Some of you who know me best will probably shake your heads and say “no kidding, how did you not realize this about yourself?” But I didn’t. For far too long I let doubt and other negative demons hold sway in my head. They are now mostly banished. Or at least I can see them when they are coming so I can head them off. For me, though, figuring out I do belong when for all of my years I couldn’t find that place is almost a relief. I couldn’t find a place because there isn’t a physical place–it’s a state of being.  It isn’t a job or a function, it’s a freed spirit, an insatiable appetite to see all the things and all the places.  So excuse me. I need to renew my passport. I need to get out there and represent my clan.

Living With a Brain Injury

Standard

It was a beautiful sunny day in early May 2006. My friend and business partner and I were working on a house we were flipping. One of the tasks we had set for the day was to get up on the roof and sweep out the gutters–after a blustery winter there were a lot of pine needles. It was a one level ranch house with a low incline roof. Neither of us was worried about getting up there. We had a good, steady ladder we had already used inside to get up to sweep out cobwebs from the cathedral ceiling in the living room.

I climbed up the ladder a few steps and tossed the broom ahead of me so I could give climbing my full attention. As I began to transition from ladder to roof, everything went awry. The ladder began to fall, but I did not have full grasp on the roof. At this point, my memory becomes spotty at best. I remember trying to corral the ladder with my legs. I remember thinking that what I needed to do was  roll out of the fall. And I distinctly remember a peaceful voice in my head advising “relax relax relax and drop”.

I fell. My right leg was tangled in the ladder which upended me. I landed face first on the concrete. Caught in the ladder, the Achilles tendon in my right ankle tore completely apart. I did not lose consciousness. I looked down on the pavement and saw a lot of blood and my teeth. I remember being in the ambulance. I remember a brief moment in the emergency room when a nurse commented on my pedicure. Then I don’t remember anything until I was home.

I never really had any treatment for my brain–I think because I didn’t lose consciousness and I was always able to answer the questions the doctors asked. The ankle injury took months to heal–I was not allowed to put any weight on it at all for four months so I had lots of time just sitting–and during that time, I was advised to do crossword puzzles for my brain. At first, I couldn’t even complete the ones for brand new readers (first grade level). It took too much concentration. I couldn’t read a book, or a magazine–too much focus. I couldn’t even watch TV–I lost track of the story after about 10 minutes. I had a lot of healing to do. Ultimately, it was two years before my mouth had healed enough to put in implants. I had no nose the day I fell–it was reassembled. The plastic surgeon I had was amazing–today few can see any of my facial scars unless I point them out. I see them– there are dozens of tiny scars. I did sit and rub vitamin E oil all over my face for days on end which probably helped a lot.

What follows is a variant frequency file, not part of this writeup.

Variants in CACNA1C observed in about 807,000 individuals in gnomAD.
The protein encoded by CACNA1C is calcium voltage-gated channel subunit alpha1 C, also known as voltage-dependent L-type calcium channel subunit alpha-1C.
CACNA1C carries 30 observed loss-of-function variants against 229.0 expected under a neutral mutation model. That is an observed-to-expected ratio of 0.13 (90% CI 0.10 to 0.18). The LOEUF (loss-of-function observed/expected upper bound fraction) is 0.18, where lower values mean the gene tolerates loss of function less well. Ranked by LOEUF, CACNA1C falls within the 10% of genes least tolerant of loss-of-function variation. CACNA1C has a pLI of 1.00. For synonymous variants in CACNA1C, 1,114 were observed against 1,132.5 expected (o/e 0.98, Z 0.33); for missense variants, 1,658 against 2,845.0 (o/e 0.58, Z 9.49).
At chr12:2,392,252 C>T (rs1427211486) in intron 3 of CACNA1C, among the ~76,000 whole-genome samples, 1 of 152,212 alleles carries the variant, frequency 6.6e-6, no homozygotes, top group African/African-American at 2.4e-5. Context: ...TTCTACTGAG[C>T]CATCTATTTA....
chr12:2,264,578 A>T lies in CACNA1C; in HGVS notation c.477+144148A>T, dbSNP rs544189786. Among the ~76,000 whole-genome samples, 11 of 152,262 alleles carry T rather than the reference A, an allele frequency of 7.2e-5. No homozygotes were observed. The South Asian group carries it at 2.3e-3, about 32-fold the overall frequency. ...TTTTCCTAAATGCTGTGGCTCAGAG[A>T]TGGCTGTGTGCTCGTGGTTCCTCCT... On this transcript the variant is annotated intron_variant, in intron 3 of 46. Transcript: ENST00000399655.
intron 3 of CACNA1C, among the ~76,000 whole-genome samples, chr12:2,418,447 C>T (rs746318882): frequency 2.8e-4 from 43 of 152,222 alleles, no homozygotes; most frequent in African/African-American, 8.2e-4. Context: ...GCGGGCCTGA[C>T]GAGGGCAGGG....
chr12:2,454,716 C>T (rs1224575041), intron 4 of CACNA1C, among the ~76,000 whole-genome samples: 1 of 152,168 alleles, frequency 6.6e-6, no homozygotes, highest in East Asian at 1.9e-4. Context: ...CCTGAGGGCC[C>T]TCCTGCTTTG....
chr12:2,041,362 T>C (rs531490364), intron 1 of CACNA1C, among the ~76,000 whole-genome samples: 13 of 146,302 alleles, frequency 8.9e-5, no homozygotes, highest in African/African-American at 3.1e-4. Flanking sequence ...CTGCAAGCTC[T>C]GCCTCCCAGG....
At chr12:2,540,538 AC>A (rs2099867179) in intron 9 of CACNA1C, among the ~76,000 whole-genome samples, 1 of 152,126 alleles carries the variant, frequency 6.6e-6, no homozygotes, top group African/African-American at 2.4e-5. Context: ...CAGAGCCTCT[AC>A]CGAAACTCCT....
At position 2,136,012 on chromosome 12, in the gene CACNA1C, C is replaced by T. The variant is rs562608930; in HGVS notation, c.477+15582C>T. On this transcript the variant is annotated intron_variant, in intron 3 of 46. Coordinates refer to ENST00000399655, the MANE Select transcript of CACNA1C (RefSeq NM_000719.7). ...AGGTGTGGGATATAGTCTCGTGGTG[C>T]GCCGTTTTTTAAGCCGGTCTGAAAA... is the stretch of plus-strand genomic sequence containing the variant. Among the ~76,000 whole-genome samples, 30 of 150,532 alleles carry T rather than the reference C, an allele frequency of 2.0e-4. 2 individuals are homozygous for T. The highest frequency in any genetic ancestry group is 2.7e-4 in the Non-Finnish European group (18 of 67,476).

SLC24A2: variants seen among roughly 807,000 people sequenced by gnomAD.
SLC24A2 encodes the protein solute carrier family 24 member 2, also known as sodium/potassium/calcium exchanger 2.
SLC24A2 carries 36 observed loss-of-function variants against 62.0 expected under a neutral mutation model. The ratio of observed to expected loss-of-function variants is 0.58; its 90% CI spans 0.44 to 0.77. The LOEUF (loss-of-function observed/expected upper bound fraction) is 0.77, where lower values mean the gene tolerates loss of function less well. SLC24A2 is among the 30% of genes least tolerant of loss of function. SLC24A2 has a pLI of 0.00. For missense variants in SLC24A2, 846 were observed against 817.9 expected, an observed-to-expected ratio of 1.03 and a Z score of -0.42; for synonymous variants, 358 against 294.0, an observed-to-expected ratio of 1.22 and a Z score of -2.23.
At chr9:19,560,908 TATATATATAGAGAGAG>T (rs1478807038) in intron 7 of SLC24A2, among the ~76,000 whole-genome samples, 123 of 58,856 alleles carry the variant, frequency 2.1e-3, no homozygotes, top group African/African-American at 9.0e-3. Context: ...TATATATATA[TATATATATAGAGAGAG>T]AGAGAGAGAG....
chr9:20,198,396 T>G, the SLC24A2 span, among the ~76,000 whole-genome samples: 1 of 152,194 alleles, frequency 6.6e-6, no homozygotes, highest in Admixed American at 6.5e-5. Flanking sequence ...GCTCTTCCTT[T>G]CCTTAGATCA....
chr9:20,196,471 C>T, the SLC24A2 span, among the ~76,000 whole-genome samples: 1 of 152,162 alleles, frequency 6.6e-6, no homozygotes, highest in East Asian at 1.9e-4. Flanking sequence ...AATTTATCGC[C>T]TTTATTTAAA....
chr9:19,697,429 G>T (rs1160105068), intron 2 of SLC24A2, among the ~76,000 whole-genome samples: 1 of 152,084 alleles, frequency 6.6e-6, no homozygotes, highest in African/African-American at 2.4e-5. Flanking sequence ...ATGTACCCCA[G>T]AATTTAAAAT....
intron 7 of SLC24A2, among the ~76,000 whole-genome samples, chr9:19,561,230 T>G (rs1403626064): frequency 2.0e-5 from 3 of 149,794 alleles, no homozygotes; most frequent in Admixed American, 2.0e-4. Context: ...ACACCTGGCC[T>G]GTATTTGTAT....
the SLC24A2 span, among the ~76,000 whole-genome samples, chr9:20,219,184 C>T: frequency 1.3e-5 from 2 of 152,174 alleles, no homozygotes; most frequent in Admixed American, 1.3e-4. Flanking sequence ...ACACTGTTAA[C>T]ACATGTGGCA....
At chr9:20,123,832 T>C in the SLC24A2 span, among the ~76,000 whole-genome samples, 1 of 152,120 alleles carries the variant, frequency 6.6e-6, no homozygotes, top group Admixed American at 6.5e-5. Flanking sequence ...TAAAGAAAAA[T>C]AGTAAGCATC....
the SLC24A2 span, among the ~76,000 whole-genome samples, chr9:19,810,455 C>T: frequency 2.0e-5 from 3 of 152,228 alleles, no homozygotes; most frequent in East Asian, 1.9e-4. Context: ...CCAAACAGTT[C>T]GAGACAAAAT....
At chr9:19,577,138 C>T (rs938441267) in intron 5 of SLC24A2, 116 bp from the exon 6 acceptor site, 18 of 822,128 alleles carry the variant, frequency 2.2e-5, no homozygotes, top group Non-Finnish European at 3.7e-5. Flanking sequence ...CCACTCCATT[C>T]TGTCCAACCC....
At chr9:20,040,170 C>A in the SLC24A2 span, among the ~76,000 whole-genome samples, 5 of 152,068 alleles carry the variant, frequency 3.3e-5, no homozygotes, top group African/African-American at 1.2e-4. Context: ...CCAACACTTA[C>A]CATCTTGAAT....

Slowly, my attention and focus increased. At some point I realized I had no sense of smell. For several years I assumed this was because of nose damage. Finally I realized it was brain damage. Although the fall happened right before my 40th birthday–or right when things like memory are going to change–I ascribe memory issues most often to the fall. Memory issues can be anything from walking into a room and forgetting why I walked in (not uncommon in people ‘my age’) to having no memory at all of things, even when several people tell me I was there (people I trust). These issues are most pronounced if I am tired–brain tired, not physically tired. If I have been concentrating at work, or reading all day, or writing–there is a definite falling off point. It’s not gradual–all of a sudden I can’t continue. I can’t focus long enough to do one more problem, one more sentence, one more invoice. This is the legacy of my fall– loss of a sense and loss of some memory.

I often make light of my injury–I’ll laugh at an error and say “oops, brain damage!” I once had a co-worker roll her eyes and say “You know, you can’t use that forever.” and I replied “Actually, yes, yes I can. That’s exactly what a brain injury means–forever I have brain damage.”

I’m actually pretty lucky. Losing my sense of smell and getting brain tired  aren’t really that much of a permanent loss. There are many many more TBI patients who deal with far more profound losses every day. I don’t “look” like I have a brain injury, whatever that means. But if I can in any way make it so others with more profound injuries than I can be better accepted, I will do it.

This is Brain Injury Awareness month. Many people with brain injuries don’t want to talk about it because they are afraid of a stigma. My hope is that by talking about it, the stigma can be erased. Get educated, get informed. You probably know somebody with a brain injury. Like me.

Western State Cemetery

Standard

I am not afraid of the dead. I love cemeteries, the older the better. I find them peaceful and if there are restless spirits, they likely belong to the living. A visit to an old cemetery is my idea of time well-spent.